Although fad diets like the three-day cardiac diet tend to get a bad rap from diet reviewers such as those on the sites TheDietChannel.com and FadDiet.com, these diets are wholly without merit. Although the three-day cardiac diet does leave quite a bit lacking regarding sustainable weight loss and nutritional instruction, it can help you to shed a few pounds if you are incredibly short on time.
Three-Day Diet Pros
The three-day diet is a structured eating plan that promised substantial (up to 10 lbs.) of weight loss in just three days' time. This is accomplished through heavy caloric restriction, as can be seen from a sample breakfast from the plan, consisting of only black coffee, grapefruit, one slice of toast and 1 tbsp. of peanut butter. Regardless of what you think of the menu items on the plan, the diet will almost certainly result in weight loss due to the heavy caloric restriction involved. Therefore, one of the major pros of the three-day diet is that it will work. While it is impossible to say whether you will lose up to the promised 10 lbs., you will certainly lose some weight while on the plan, making it a useful diet for individuals looking to shed some weight in a relatively short period of time.
The other major advantage of the three-day diet is that it prepares dieters to build the mental discipline necessary to follow longer and more involved dieting plans. This occurs because the three-day diet forces its users to follow the plan verbatim, with no room for error or divergence. Teaching yourself to become 100 percent compliant to a dietary plan is vital for success, and the three-day diet is a good kickstart to forming this type of discipline and applying it to more substantial plans.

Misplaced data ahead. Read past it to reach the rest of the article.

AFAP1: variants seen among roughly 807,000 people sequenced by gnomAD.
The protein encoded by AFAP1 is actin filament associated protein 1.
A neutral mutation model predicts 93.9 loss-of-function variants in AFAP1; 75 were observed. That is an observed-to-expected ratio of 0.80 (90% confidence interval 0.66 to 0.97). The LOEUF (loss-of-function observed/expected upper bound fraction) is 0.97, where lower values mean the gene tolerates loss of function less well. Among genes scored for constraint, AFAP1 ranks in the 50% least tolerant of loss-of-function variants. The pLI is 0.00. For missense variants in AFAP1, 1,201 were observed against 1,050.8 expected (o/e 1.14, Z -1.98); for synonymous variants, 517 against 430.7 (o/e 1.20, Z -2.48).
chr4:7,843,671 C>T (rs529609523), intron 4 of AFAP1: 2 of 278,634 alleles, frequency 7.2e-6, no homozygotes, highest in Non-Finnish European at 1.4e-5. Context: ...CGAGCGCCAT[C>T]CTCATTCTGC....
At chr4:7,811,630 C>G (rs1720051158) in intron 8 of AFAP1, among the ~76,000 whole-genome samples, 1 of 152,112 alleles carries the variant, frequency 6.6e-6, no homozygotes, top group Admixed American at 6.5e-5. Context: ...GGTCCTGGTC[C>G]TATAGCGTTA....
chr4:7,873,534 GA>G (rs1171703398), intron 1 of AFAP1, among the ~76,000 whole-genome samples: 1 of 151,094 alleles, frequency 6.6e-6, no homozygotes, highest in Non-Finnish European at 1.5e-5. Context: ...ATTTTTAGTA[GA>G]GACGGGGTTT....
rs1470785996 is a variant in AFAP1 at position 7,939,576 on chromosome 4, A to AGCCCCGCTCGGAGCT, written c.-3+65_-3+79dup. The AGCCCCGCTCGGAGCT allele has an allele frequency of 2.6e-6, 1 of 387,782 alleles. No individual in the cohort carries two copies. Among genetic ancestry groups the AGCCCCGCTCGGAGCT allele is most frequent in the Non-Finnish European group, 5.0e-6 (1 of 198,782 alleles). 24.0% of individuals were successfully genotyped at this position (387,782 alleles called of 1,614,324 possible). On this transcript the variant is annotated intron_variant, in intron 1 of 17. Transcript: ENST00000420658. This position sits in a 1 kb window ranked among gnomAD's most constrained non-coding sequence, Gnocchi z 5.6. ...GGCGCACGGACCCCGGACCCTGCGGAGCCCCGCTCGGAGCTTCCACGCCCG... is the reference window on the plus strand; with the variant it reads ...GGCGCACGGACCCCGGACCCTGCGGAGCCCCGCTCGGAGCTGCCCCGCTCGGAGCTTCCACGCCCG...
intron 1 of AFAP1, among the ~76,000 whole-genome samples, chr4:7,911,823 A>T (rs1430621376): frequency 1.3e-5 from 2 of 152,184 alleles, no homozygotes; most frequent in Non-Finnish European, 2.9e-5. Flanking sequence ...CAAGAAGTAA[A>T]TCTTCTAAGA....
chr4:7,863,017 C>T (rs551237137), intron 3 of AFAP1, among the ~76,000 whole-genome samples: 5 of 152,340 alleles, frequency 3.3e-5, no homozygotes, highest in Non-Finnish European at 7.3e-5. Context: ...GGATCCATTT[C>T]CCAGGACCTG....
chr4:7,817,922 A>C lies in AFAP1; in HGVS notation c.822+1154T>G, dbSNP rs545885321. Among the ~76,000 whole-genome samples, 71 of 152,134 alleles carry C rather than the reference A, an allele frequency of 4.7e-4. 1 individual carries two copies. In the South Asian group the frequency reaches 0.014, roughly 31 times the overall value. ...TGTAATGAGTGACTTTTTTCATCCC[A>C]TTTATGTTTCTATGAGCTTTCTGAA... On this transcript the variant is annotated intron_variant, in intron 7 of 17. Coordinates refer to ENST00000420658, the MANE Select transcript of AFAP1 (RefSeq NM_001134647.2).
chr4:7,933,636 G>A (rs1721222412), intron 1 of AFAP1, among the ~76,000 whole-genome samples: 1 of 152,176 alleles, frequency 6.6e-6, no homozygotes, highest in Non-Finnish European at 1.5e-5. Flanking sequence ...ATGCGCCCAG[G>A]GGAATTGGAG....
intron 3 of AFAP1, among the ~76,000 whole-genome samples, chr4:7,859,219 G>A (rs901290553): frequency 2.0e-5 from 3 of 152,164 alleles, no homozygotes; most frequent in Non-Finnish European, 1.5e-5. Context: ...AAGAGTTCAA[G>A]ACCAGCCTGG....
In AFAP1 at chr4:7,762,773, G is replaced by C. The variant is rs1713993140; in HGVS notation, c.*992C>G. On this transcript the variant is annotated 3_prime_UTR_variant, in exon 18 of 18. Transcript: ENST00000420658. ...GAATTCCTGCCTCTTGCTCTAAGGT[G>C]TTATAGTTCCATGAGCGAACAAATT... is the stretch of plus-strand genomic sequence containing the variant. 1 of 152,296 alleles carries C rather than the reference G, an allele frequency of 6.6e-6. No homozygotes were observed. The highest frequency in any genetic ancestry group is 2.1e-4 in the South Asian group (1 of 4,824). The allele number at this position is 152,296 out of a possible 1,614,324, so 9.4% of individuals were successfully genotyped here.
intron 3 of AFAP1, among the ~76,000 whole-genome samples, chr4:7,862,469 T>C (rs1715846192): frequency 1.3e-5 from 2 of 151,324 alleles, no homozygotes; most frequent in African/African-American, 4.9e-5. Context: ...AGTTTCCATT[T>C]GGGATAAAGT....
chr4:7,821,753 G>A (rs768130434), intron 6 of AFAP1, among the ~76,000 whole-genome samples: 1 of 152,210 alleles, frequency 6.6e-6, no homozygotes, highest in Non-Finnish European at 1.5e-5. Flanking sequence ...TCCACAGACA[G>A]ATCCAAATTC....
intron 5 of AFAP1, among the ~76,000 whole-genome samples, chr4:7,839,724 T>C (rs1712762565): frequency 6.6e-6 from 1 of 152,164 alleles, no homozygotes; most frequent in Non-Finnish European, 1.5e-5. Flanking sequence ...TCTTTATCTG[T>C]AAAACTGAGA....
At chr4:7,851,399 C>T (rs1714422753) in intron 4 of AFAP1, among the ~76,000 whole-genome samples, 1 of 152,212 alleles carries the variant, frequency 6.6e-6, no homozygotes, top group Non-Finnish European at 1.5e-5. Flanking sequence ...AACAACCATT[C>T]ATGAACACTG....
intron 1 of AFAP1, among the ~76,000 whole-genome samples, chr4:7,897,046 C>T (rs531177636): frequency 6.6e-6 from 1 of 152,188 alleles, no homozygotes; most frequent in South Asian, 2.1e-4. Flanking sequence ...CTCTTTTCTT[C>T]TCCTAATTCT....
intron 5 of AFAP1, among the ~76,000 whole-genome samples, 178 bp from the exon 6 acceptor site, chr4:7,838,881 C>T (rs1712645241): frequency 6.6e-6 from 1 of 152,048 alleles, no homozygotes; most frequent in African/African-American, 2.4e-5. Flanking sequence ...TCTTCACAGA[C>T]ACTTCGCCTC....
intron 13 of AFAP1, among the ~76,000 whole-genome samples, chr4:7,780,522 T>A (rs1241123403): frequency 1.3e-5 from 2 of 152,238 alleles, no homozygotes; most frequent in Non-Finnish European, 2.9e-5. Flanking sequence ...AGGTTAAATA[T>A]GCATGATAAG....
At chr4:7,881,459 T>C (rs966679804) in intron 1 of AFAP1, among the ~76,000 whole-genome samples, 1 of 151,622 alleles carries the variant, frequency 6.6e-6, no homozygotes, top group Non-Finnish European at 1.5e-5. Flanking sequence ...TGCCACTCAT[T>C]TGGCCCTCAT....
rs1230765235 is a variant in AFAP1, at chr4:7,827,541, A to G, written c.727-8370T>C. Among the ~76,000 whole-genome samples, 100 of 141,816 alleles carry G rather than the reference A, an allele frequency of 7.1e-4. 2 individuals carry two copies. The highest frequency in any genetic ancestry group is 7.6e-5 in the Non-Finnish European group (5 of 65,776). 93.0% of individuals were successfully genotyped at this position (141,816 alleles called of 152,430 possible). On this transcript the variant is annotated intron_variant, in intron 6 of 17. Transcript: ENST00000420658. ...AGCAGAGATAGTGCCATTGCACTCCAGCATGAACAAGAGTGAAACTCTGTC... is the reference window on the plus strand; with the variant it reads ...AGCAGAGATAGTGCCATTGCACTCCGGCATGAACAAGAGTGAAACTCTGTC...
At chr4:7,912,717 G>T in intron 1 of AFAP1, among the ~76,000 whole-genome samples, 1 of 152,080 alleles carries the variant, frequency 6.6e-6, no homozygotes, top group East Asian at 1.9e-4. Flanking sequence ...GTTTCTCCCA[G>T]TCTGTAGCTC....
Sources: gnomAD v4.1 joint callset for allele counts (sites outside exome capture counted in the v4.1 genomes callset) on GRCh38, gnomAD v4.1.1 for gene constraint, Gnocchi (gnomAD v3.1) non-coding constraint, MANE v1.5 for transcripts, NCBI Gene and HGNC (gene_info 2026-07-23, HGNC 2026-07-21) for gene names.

Three-Day Diet Cons
The main drawback to the three-day diet is its incredibly short length. Three days is not a sufficient amount of time to make any real or lasting progress to your physique, and it is more likely than not that you will simply regain the weight you lost in the compensation period immediately following cessation of the diet. This leads to an endless stream of yo-yo dieting, where no real progress is made despite substantial sacrifice (three days' worth at a time).
The other major problem with the three-day diet is that it is merely an eating plan without any instructional material explaining the how or whys of dieting or nutrition. This means dieters relying on the three-day plan will find themselves adrift if they decide to forgo the plan as written and attempt to construct their own plan in the future. Therefore, while someone can certainly lose weight on the plan, it does nothing to teach them how to keep the weight off once the plan grinds to a halt.